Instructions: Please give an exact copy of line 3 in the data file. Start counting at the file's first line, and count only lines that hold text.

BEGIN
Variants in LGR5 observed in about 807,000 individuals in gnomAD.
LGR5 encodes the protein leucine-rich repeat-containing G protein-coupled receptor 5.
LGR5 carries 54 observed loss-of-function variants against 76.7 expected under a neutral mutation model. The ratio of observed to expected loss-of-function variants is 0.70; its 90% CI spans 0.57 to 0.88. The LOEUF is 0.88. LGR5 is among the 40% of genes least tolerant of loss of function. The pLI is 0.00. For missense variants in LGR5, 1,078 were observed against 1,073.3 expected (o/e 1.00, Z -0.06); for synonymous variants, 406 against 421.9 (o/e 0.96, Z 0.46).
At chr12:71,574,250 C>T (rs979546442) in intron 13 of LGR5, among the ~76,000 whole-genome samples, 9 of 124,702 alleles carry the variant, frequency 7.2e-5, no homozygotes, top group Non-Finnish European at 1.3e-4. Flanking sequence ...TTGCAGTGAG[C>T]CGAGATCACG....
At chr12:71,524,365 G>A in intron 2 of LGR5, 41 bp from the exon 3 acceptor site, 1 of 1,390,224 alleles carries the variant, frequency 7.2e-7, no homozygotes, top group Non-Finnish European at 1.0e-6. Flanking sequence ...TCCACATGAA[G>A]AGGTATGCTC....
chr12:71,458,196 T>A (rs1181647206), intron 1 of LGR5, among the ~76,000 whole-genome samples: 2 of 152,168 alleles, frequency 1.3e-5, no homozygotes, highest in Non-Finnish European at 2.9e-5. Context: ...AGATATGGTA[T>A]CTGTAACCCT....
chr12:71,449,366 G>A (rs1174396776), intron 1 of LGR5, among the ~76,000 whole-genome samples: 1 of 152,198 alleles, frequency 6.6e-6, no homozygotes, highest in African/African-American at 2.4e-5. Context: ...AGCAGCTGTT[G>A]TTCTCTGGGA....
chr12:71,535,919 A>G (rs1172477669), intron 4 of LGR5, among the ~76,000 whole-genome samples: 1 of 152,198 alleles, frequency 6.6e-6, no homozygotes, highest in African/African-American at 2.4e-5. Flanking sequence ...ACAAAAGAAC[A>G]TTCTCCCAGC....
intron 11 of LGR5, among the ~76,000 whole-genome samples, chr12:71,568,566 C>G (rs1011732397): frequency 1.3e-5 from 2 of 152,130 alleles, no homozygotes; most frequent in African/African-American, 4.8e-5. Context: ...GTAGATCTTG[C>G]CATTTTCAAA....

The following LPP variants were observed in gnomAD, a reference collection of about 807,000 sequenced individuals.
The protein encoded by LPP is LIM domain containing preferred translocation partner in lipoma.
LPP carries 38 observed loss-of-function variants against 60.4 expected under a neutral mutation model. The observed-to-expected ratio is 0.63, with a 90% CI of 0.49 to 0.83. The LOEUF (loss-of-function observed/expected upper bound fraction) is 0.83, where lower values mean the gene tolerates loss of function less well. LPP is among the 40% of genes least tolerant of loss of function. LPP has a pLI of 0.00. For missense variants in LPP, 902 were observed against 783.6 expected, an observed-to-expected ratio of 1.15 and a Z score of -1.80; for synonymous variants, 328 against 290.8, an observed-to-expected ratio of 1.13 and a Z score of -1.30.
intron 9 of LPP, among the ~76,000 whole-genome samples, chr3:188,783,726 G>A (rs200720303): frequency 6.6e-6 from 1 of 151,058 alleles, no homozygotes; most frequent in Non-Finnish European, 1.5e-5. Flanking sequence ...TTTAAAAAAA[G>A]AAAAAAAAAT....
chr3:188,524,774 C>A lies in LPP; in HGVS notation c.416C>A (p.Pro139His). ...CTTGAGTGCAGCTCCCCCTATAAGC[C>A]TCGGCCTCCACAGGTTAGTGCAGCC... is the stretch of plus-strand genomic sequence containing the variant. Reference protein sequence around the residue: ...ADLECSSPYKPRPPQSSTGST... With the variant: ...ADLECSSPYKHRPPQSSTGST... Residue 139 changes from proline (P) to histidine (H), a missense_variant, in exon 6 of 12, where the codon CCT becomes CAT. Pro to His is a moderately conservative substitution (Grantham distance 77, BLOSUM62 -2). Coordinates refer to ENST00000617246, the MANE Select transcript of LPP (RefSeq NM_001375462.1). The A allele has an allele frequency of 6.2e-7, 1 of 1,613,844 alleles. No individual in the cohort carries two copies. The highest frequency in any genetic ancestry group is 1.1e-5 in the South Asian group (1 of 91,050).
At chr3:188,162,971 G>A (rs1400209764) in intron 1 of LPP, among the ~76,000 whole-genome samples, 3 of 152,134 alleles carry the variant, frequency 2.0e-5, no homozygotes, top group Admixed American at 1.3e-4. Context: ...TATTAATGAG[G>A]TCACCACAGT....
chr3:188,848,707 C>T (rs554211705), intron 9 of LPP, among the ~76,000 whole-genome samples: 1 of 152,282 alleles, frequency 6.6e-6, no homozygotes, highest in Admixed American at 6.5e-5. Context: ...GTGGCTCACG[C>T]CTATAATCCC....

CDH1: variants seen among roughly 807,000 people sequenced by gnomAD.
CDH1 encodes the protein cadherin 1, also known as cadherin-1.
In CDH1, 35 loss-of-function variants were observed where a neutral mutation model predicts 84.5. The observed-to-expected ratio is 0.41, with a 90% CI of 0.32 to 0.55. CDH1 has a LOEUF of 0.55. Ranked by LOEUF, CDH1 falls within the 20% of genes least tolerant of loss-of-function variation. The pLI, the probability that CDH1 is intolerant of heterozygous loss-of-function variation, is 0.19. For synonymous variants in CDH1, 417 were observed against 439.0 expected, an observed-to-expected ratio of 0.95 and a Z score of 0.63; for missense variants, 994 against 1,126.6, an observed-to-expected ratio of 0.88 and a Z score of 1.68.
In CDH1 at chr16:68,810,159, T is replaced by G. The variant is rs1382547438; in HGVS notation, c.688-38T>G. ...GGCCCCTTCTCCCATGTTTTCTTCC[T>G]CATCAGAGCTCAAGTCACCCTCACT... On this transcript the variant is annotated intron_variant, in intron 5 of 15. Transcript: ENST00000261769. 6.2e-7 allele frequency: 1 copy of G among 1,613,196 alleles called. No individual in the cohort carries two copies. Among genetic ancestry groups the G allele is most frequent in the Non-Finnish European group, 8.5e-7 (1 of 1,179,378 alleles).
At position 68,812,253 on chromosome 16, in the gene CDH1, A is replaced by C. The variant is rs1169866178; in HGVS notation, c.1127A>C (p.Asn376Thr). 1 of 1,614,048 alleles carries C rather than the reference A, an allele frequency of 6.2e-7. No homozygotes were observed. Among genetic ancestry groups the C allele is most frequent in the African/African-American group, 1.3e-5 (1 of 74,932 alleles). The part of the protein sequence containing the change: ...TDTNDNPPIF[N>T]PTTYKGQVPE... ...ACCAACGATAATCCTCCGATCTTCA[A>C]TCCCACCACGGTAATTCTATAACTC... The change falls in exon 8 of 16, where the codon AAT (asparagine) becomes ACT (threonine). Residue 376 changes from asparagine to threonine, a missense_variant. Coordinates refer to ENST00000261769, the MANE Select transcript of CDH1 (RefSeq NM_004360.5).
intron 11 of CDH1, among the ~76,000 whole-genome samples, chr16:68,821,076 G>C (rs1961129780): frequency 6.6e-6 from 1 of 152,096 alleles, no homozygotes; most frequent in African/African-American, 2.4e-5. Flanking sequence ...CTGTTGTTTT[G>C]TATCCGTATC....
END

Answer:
LGR5 carries 54 observed loss-of-function variants against 76.7 expected under a neutral mutation model. The ratio of observed to expected loss-of-function variants is 0.70; its 90% CI spans 0.57 to 0.88. The LOEUF is 0.88. LGR5 is among the 40% of genes least tolerant of loss of function. The pLI is 0.00. For missense variants in LGR5, 1,078 were observed against 1,073.3 expected (o/e 1.00, Z -0.06); for synonymous variants, 406 against 421.9 (o/e 0.96, Z 0.46).